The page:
cucumbers were placed in a vinegar mixture. Watermelons could be obtained at almost every little hut. Nearly all children went barefooted, even girls and boys eighteen years of age. It was not uncommon to see a barefoot man plowing and even the woman frequently went barefooted around home. Also, in order to save shoe leather and to protect them the mud, people walking often carried their shoes and stockings until near the church or schoolhouse, then sat down and put on the footwear. Some of the women brought good clothes with them from home in the East. Such dresses were made with flowers, tacks, pleats, jets, everything they possibly could, beads, rosettes and other ornaments. In a year or two, however, these gave way to the customary dress of calico. People hauled wood from the Canadian Rivers, coming fifteen and even twenty miles from the prairies. to haul firewood. In later years, they even grubbed up the stumps of trees cut by earlier wood hunters. The Shacklett family kept their oven full of green cottonwood to dry and cure, for the fire of green wood burned with continual hissing and sputtering, as the sap and steam comes from the ends of every stick in the firebox and oven, and it seemed the stove would never be warm to the impatient mother. Many of the first settlers gathered and hauled cow chips, stacking them in ricks like haystacks to keep them dry for winter use. After the production of corn became established, it brought new fuel. The cobs were burned in the kitchen stove and the stalks were cut into small pieces and used to start the fires.
The first school established in the district was a log schoolhouse, located in the little town of Frisco, two miles from the Shacklett home. It was a subscription school; that is, where the teacher taught for what she could get and boarded around at the homes of parents of the pupils. The tuition charge was usually a dollar per month for each child. The seats and desks around the room were of rough slabs of wood from the sawmill, with pegs put in for legs, and were for the older pupils. The little ones had backless benches in the center, and the teacher felt lucky to have a crude desk and chair. Many times the dirt floor was sprinkled with water to keep down the dust. At one end of the room stood a large wood heater and at the other end was the door. In this school there was not a blackboard, for every child in school owned a slate. When there was need for an erasure, the boys spit on the slate and rubbed it off with their coat sleeves, while the girls, a little more dainty, carried slate rags. These had to be wet several times a day, which caused many trips to the water bucket. There were no maps, no globes, and this rural school had no library. The children furnished their own books, usually come that their parents had brought from other states. So often there would be three or four different kinds of geographies or readers in a class. They had no examinations; the teacher knew where the pupil belonged without any of these improvements. When a child could read the third reader through he was ready for the fourth; he started in the first of the book each year until he could read it and passed on to the next. Many people at this time felt themselves educated if they could read some, write a crude hand, and "figger" Often parents withdrew their children from school with the feeling that they had learned enough.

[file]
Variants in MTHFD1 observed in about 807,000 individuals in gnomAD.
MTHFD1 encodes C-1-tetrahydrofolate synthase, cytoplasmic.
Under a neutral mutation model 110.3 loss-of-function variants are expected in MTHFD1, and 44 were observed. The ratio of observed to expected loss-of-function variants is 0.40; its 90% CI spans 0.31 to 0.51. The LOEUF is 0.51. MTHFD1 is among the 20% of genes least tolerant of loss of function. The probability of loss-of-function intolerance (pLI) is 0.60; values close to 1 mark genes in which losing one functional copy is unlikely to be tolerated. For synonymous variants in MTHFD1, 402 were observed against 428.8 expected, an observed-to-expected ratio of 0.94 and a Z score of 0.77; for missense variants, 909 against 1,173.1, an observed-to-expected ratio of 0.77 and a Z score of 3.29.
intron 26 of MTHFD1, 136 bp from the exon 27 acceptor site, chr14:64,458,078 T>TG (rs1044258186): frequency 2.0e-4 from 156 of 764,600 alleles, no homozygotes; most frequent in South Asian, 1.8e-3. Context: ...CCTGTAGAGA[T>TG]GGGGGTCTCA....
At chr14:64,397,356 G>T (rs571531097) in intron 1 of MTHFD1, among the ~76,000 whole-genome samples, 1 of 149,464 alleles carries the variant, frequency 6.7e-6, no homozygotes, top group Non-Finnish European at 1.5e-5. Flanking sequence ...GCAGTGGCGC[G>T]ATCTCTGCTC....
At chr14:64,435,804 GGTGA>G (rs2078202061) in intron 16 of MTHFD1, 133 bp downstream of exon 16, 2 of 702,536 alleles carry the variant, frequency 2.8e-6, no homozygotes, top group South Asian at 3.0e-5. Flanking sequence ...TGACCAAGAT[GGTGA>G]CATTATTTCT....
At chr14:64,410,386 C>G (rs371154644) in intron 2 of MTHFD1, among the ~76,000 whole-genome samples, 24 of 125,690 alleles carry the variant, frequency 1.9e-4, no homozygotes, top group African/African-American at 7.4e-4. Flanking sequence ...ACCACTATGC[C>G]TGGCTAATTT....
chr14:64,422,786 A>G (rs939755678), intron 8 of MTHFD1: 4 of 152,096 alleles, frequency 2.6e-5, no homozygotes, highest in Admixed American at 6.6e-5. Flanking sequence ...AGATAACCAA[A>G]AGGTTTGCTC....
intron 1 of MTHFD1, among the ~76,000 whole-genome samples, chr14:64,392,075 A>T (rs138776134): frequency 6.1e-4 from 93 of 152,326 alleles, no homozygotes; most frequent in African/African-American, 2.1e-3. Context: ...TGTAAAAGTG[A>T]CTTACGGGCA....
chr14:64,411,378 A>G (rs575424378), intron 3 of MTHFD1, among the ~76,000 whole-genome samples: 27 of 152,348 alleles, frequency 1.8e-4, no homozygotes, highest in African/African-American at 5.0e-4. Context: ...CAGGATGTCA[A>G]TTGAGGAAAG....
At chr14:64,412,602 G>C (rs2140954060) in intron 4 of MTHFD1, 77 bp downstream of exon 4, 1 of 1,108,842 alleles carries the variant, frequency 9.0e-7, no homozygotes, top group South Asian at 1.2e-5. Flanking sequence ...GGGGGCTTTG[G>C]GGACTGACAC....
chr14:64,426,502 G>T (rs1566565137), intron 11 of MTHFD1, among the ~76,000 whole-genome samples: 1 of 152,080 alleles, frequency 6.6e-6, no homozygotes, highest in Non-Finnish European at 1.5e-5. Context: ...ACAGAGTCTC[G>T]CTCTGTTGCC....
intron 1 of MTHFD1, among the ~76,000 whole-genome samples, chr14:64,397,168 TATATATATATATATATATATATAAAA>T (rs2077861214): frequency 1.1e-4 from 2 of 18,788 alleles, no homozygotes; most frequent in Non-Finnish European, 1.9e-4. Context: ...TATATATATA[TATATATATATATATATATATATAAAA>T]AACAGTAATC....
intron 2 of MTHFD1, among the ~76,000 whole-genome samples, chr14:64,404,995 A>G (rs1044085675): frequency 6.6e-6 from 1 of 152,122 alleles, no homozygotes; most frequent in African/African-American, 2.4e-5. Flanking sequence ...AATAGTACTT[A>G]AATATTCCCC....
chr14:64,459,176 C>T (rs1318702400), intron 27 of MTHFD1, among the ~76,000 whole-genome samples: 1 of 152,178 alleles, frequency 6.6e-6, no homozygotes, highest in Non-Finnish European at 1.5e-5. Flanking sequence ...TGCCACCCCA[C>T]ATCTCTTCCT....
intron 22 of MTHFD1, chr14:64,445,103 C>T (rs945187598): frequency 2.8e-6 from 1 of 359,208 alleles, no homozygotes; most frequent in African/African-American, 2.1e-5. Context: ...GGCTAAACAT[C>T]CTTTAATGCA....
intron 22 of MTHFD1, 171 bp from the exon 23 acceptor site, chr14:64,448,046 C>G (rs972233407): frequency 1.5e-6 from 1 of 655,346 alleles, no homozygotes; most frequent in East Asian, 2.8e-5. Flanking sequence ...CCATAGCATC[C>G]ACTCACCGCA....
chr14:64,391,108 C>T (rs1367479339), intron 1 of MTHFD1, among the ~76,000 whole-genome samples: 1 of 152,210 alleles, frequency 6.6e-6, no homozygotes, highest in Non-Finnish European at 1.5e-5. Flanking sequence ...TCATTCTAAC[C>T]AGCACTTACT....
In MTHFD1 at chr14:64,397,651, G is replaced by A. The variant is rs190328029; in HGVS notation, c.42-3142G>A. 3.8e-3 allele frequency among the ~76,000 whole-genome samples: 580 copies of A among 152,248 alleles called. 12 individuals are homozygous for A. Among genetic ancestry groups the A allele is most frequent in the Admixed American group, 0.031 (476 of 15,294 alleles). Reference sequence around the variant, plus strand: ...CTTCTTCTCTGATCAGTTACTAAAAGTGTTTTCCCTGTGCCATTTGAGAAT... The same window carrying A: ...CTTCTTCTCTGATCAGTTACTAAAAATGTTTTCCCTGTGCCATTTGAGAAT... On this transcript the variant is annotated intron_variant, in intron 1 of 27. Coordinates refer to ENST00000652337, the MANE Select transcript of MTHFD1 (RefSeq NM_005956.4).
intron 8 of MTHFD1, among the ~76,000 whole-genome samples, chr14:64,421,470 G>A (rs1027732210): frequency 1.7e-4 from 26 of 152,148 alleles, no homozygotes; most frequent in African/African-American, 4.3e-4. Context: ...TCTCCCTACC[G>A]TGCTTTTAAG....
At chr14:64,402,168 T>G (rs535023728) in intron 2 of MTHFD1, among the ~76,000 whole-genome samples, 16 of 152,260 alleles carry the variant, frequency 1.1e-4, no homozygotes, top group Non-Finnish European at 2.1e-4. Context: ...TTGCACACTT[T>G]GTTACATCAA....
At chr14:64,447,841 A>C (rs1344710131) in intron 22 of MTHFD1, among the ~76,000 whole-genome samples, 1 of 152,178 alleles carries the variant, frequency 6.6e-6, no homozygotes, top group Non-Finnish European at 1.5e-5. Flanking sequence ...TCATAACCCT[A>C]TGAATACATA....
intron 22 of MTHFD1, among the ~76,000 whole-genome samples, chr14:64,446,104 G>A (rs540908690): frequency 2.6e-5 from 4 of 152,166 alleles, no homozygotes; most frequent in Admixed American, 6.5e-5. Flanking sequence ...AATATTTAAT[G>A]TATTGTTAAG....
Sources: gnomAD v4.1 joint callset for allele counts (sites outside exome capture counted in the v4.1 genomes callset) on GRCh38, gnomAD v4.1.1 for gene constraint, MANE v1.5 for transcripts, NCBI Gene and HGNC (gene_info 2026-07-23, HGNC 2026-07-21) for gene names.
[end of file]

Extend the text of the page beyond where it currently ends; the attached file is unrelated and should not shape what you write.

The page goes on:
The water fountain at this school consisted of a cedar bucket and a rusty tin cup, which were set on a bench in the corner of the schoolroom. About twice a day some of the big boys were permitted to go to a neighbors house after water. The water was usually passed around the room by some of the smaller pupils; all drank from the same dipper. The children had to be watched to keep from pouring water back into the bucket. The school teacher also served as school janitor; and an early hour each morning found her at the schoolhouse building the fire of green cottonwood before her pupils arrive. Sometimes the teacher gave one of the larger boys a dollar a month to build the fires.
The school teachers of those days usually wore high shoes, a long skirt, a tight waist with long sleeves and a high neck; and her hair was coiled on her head.
On the last day of school, in these rural sections, the parents came to school, bringing baskets of food, and after the closing exercises or program, they had a large picnic dinner in the schoolhouse or a grove of trees nearby.
Ball was one of the games played at school then. Youngsters or their parents made the baseballs by unraveling the yarn of an old woolen sock or collecting wrapping twine from packages, winding it tightly into a ball of the proper size, and covering it with leather from the top of an old boot. One of the games she remembers was anti-over. Other games were Hide-and-seek, Blackman, and Crack-the-whip. In bad weather this noisy group passed away the time playing "I Spy" or some other indoor games.
It was on February 4, 1894, that she was married to Benjamin Franklin Stafford, who had filed on a claim near her parents home.
Editors Note: My name is Marcus Payne. The preceding interview was done in 1937 by writers hired by the Works Progress Administration (WPA). They were to canvass the Oklahoma countryside, looking for early pioneers still living and get their story on paper. The original interviews are kept on file in the Oklahoma Historical Society near the State Capital in Oklahoma City. Birdie Shacklett was my Great-Great-Aunt on my Fathers side of the family. Jesse and Susan Shacklett were my 2G-Grandparents.